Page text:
I don’t think it’s (just) an excuse, I do think writers need staring-into-space time. But hardly any of us need as much as we take . . .

  16. I love that term – incubating. Thinking on it, I do this a lot. I write so much I get information-overloaded frequently, and sometimes, it does take some time to let things settle and fall so I can make connections and strengthen my ideas.

    I also have found that keeping track of those tidbits and bursts of ideas as I go helps me manage my thoughts better, and keeping track of all the links and elements that generate ideas helps me come back and pull articles and posts together more quickly. Backpackit.com is a great tool for me. I have a few more suggestions and my take on David Allen’s book in some time management posts at my blog, Little Red Suit.

    If you want to check them out, they’re here.

  17. Sometimes time management is really about figuring out how to use that 30, 60, or 90 minute chunk of time to get optimal results.

    It’s really about measuring your time allotment against your defined goal and figuring out how to best use that allocated chunk of time for the biggest bank.

  18. The best tool I’ve found for tracking time (which helps for both time mgmt and client billing as well) is a nifty little app called SlimTimer http://www.slimtimer.com

    It has made me accountable to myself – and given me a great deal of insight into where the time goes.

  19. Joke: Step 1: Are You A Time Waster? Take this Test to Find Out

    Ans: You are wasting time by taking this test! 😀

    Not to justifiable for that. I’d say that its how long we wander around aimlessly at different sites thats the huge time killer. Righty?

  20. I’m a little wary of tracking my time lest I become depressed at all the time I’m wasting and then waste even more time, thereby feeding a vicious cycle.

    That said, I find that I waste less time if I am accountable for what I’m doing in some way. I think just by letting someone else know what goals you are setting helps them become more realistic.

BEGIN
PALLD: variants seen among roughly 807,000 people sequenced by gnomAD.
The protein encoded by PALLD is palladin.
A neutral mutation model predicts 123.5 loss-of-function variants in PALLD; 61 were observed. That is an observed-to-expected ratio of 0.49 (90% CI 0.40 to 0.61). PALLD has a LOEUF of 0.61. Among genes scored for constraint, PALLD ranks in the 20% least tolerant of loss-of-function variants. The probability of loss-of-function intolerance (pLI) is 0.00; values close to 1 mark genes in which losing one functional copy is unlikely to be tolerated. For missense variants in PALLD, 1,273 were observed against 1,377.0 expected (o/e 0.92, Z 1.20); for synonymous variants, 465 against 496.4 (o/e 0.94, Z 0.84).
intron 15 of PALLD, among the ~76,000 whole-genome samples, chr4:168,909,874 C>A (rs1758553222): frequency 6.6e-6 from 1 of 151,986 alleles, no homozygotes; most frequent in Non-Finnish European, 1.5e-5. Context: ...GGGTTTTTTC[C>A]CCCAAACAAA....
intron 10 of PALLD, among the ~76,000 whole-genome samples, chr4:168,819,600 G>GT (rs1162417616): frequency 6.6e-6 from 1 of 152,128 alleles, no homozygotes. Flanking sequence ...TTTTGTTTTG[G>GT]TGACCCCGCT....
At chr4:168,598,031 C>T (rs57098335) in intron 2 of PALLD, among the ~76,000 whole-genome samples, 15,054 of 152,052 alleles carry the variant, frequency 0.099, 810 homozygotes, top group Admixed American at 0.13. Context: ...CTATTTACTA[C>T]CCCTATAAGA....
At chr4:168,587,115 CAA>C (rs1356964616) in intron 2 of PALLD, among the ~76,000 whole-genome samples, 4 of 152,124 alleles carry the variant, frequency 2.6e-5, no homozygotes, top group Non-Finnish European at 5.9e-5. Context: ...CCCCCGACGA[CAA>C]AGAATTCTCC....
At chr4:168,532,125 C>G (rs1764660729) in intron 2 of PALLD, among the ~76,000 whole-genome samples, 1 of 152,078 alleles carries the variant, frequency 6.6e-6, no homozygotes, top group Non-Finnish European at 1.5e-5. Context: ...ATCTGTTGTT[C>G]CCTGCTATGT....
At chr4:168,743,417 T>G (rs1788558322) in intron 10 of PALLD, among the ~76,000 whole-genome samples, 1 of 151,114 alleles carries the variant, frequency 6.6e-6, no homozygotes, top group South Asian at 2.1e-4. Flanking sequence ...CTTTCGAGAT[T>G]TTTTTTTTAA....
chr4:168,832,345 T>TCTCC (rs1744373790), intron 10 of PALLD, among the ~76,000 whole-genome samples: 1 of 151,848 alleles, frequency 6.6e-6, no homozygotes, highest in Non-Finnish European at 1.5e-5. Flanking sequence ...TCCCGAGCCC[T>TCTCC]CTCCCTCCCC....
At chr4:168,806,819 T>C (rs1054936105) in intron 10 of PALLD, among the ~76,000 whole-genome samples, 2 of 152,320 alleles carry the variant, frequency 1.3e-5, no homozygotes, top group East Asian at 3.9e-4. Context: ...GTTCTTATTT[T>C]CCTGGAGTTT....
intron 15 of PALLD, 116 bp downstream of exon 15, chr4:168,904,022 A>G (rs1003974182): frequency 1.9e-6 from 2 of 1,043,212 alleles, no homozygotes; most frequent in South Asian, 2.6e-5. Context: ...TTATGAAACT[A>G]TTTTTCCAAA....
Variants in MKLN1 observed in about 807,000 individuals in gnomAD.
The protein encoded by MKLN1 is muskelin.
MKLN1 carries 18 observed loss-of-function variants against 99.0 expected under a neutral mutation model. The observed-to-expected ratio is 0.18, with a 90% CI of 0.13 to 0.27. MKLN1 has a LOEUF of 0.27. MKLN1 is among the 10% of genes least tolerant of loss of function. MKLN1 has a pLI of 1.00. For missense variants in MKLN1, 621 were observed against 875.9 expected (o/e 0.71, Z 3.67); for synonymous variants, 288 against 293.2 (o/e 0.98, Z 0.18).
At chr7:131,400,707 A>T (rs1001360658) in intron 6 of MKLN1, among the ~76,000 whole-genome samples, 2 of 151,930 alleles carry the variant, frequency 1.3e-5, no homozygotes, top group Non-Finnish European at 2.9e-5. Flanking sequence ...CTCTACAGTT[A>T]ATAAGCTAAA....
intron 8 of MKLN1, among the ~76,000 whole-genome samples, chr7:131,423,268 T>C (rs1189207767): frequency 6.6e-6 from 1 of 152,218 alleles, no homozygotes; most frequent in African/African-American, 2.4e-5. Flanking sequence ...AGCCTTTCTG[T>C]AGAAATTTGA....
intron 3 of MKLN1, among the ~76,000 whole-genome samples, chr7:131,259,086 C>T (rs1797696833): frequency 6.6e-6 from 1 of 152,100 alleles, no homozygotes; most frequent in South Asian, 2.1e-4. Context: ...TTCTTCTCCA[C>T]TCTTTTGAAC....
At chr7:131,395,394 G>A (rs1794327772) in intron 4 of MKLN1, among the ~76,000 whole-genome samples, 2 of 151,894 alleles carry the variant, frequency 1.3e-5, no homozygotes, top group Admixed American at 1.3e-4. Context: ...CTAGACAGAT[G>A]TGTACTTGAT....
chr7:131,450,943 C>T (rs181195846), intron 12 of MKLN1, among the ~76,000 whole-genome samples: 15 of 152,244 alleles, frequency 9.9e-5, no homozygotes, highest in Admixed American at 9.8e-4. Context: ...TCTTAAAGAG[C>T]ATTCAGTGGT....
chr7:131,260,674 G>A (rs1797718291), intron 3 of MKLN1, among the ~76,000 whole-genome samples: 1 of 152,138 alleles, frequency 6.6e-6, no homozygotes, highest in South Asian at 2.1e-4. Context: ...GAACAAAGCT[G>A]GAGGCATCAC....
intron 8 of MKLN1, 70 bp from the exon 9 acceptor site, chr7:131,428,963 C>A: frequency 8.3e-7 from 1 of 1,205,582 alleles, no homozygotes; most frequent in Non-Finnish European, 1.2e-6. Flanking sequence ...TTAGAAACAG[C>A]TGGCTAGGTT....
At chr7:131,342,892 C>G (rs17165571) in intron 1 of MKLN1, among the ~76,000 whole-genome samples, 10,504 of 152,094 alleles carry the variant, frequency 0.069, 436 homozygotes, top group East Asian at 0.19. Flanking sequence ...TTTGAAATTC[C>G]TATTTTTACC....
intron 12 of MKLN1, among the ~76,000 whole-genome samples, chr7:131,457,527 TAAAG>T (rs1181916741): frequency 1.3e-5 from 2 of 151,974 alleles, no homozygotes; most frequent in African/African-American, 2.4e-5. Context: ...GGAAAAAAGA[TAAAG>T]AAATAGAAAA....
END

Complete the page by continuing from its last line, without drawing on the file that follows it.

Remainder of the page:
21. This post couldn’t have been more timely! Ha. I’m at Day 2 of using the timelog (what a great resource–thank you!) and in taking the time wasting quiz, realized that I was wasting a lot more time than I had imagined. (Did exceedingly well on Part 2, decent on Part 1) Like others, I was fearing using the timelog tool because I didn’t really want to see exactly where my time went. But, the log kept me closer to task since I had some accountability, even if it was to myself. Thanks for this post!

  22. Saying I did not have enough time was definitely my biggest excuse for not writing.

    Now, I focus on writing in at least one ten-minute, non-stop increment per week.

    Whether it’s first thing in the morning, later in the day or when the mood hits, my pen must touch and stay on the paper to write thoughts about the designated subject of the moment.

    After 10-minutes, I either wrap-up or keep going, based on how my creativity is flowing.

    This technique has helped me to get a lot more articles written in the past four months than I could have ever imagined.

    This technique has truly been my time management tip for writing more.

  23. I’m not sure how I feel about time logging. Outside of the obvious argument that you are wasting time (paper and ink) by filling out the log in the first place, I don’t believe it works. Or, at the very least, I don’t believe it works for all people. I think most people, myself included, get bogged down so much with how to spend our time that we end up spending it all the more poorly. Now that is irony.

  24. Time management in my view is more around management of what we use the time for, that trying to squeeze more hours into our working week.

    I endevour to work with a goal in mind: be the a set of tasks, progress to a point in a porject or a to do… list for this ‘yucky’ tasks I am learning not to avoid.

    Working to a goal helps me fill the time I am working with work, and then remove myself from ‘work mode’ to ‘play mode’ for my typical procrastination activities.